On January 28th, 2013, the New American Movement attended the Supreme Court oral argument that reviewed the extent of the Executive Branch’s power in regards to the Council on Affordable Housing. The courtroom was divided with Christie-critical reporters on the plaintiff side (satirical desktop photos of Christie included), and members of Christie’s executive branch on the defendants side. The room was buzzing before the Justice’s entered, mainly in disbelief that the checks and powers of the New Jersey government had reached the highest courtroom.
On behalf of Governor Christie, his Deputy Attorney General Lougy carried the argument for Christie’s power as an issue of “plain-language ambiguity” of the legislative branch. Using the Reorganization Act of 1947, Lougy argued that the language specified in the establishment of the Council on Affordable Housing, made COAH ultimately subject to Christie’s control and responsibility.
In the language of COAH, the council is “in but not of the Department of Community Affairs.” This simple semantics controversy holds the precedent for all councils and commissions under the executive office. To the defendant, no council or commission is independent of any of the three branches of government. Meaning, all matters of the state fall under either the executive, legislative, or judicial branch.
That being said, to the defendant, the language used by the establishment of COAH by the legislative branch as “in but not of” cannot be viewed as independent of a branch of government, and therefore falls under the executive branch, thus subjecting it to executive powers.
Needless to say, the Justices of the Supreme Court did not take this assertion very kindly. Evoking the intentions of the founding fathers and the history of the State of New Jersey, the justices questioned the extent of power the executive branch actually has. Noting that never before has a council been absolved by an executive power, the Justices hinted that the executive branch has never before desired to extend responsibility and control over a council created by legislation.
In response to the Justices’ questioning, the plaintiff asserted that Governor Christie has the ability to dissolve COAH as noted in the veto provision of the executive branch as part of the “bedrock of separation” of the branches of government. Lougy argued that in the creation of COAH, the legislative branch gave the governor a “broad authority” to reorganize the council.
However, it is important to recognize that there is a vast difference between a “reorganization” of the council and dissolution of the council. Low and behold, this is where “plain” or general language in the establishment of the council nourished ambiguity in the scope of executive powers. The Supreme Court Justices in response to this sought the original intentions of legislature in COAHs establishment.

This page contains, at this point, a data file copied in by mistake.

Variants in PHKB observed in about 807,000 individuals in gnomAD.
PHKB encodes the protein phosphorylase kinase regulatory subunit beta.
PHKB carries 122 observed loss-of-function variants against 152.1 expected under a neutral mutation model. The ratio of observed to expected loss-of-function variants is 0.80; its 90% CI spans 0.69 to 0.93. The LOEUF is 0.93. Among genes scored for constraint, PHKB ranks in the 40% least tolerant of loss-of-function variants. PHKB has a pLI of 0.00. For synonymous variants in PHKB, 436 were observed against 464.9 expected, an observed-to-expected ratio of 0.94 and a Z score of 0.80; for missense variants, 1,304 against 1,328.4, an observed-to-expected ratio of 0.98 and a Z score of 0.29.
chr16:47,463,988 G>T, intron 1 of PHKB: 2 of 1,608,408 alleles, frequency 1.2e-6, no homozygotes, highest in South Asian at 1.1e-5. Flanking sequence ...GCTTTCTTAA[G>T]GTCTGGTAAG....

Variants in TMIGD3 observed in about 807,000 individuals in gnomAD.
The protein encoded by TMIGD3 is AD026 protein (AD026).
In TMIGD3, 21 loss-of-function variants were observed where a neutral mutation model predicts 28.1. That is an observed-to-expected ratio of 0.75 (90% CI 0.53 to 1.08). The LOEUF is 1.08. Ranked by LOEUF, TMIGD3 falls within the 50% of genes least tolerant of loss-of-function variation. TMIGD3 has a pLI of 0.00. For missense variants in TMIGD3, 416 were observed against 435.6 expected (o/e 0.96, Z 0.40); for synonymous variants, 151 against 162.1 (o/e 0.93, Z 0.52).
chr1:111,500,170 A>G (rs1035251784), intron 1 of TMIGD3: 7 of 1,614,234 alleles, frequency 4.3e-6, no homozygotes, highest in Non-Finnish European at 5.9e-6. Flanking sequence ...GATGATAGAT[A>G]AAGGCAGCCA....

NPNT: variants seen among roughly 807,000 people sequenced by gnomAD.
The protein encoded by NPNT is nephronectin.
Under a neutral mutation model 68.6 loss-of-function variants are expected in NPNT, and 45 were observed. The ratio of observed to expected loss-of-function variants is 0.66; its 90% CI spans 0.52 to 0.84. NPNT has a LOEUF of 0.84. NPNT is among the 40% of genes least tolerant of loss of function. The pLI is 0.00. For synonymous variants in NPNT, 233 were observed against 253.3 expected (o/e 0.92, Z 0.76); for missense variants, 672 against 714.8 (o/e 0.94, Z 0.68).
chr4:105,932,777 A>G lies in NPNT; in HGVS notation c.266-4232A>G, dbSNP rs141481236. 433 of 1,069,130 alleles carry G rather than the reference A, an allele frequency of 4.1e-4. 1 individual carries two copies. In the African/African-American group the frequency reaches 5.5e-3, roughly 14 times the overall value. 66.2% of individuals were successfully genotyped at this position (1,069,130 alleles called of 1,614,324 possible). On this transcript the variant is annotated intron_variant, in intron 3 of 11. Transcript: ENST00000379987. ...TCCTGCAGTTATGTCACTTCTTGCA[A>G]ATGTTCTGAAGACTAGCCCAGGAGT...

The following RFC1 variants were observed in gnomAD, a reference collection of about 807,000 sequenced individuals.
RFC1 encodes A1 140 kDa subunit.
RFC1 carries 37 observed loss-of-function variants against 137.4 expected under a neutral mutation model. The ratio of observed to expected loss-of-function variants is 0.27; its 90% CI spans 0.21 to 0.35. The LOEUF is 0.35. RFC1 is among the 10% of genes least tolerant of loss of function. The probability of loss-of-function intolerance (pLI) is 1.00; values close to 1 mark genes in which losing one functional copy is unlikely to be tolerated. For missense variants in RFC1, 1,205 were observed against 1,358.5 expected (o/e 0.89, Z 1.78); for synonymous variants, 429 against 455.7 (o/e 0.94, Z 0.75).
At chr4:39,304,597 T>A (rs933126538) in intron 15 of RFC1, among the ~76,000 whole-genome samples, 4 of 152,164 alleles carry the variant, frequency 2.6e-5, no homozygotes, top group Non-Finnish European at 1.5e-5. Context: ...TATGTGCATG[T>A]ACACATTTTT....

What were the original intentions of the Council on Affordable Housing? Believe it or not, despite the controversial shadow cast over COAH, the intentions of the council are benevolent. Created by the legislative branch in response to an ever-increasing cost of living in the state of New Jersey, assemblymen sought to create a bipartisan task-force to allocate state funds to municipalities who constructed affordable housing. This housing would be subsidized by the State of New Jersey and ease the growing socio-economic gap of New Jersey residents.
How COAH has grown to be “inefficient” cannot be pinpointed. Perhaps partisan disagreements plagued the council, or maybe it is the Mt. Laurel case. Regardless of where the inefficiency derived, COAH is presently sitting on over $100 million in funds that cannot be distributed until the council reconvenes.
Though the reasons behind Christie’s desire to absolve the COAH were never spoken in the courtroom, the defendants half of the room was left mildly amused by the Deputy General’s argument. “Pulling at strings” was the general idea on the minds of most in the room.
The Supreme Court Justices hinted at the lasting implications a decision in favor of the defendant could have on the remainder of councils and commissions under the Executive branch. Using a hypothetical ruling in favor of the defendant (Christie), the Justices hinted at the long-term implications the precedent of the plain text “in but not of” could have for other councils and offices such as the Public Defenders.
For the defendant (the Council on Affordable Housing) the argument was simple. Plainly put, the attorney on behalf of COAH stated that regardless of the inefficiencies of COAH, the governor does not have the power to absolve a bipartisan council for his own partisan agenda. The defendant spoke briefly, and was not questioned as substantially as the plaintiff.
As representatives on behalf of people with disabilities and advocates for affordable housing, this argument on behalf of Christie and his executive branch appeared comically presumptuous. The COAH was designed to be comprised of 12 representatives, 6 democrats and 6 republicans. The intentions of the legislative branch were clear in their stipulations of the 12 representatives that would comprise the council: bipartisanship. Fundamentally, the mere attempt of Christie to absolve the council is in direct contradiction of the council’s purpose and a gross overstep of the governor’s powers, regardless of which branch of government COAH falls under.